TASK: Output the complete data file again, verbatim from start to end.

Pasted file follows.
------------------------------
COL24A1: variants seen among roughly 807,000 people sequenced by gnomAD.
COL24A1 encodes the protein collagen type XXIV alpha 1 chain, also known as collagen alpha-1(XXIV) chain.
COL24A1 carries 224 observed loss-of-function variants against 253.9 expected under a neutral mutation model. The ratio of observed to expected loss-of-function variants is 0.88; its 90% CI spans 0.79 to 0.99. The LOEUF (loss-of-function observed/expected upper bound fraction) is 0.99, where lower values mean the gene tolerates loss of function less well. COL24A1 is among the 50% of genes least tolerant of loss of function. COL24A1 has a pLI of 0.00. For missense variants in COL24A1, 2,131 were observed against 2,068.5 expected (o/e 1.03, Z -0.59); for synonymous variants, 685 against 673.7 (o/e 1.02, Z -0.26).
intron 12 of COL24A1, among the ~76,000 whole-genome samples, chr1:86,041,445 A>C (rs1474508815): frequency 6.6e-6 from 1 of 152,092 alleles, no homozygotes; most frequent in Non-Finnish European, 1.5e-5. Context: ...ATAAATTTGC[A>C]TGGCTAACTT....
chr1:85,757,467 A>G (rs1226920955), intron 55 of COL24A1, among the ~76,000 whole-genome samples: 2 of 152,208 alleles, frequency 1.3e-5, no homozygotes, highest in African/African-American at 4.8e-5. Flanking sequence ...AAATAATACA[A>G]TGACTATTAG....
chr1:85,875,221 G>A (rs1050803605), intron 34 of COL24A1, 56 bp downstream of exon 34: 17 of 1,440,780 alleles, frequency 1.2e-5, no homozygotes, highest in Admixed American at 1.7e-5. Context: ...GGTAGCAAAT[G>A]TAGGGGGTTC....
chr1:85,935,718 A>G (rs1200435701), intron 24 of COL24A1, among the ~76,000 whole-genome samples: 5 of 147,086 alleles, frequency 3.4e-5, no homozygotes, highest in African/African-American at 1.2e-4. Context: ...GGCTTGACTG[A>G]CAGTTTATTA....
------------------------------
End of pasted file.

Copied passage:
COL24A1: variants seen among roughly 807,000 people sequenced by gnomAD.
COL24A1 encodes the protein collagen type XXIV alpha 1 chain, also known as collagen alpha-1(XXIV) chain.
COL24A1 carries 224 observed loss-of-function variants against 253.9 expected under a neutral mutation model. The ratio of observed to expected loss-of-function variants is 0.88; its 90% CI spans 0.79 to 0.99. The LOEUF (loss-of-function observed/expected upper bound fraction) is 0.99, where lower values mean the gene tolerates loss of function less well. COL24A1 is among the 50% of genes least tolerant of loss of function. COL24A1 has a pLI of 0.00. For missense variants in COL24A1, 2,131 were observed against 2,068.5 expected (o/e 1.03, Z -0.59); for synonymous variants, 685 against 673.7 (o/e 1.02, Z -0.26).
intron 12 of COL24A1, among the ~76,000 whole-genome samples, chr1:86,041,445 A>C (rs1474508815): frequency 6.6e-6 from 1 of 152,092 alleles, no homozygotes; most frequent in Non-Finnish European, 1.5e-5. Context: ...ATAAATTTGC[A>C]TGGCTAACTT....
chr1:85,757,467 A>G (rs1226920955), intron 55 of COL24A1, among the ~76,000 whole-genome samples: 2 of 152,208 alleles, frequency 1.3e-5, no homozygotes, highest in African/African-American at 4.8e-5. Flanking sequence ...AAATAATACA[A>G]TGACTATTAG....
chr1:85,875,221 G>A (rs1050803605), intron 34 of COL24A1, 56 bp downstream of exon 34: 17 of 1,440,780 alleles, frequency 1.2e-5, no homozygotes, highest in Admixed American at 1.7e-5. Context: ...GGTAGCAAAT[G>A]TAGGGGGTTC....
chr1:85,935,718 A>G (rs1200435701), intron 24 of COL24A1, among the ~76,000 whole-genome samples: 5 of 147,086 alleles, frequency 3.4e-5, no homozygotes, highest in African/African-American at 1.2e-4. Context: ...GGCTTGACTG[A>G]CAGTTTATTA....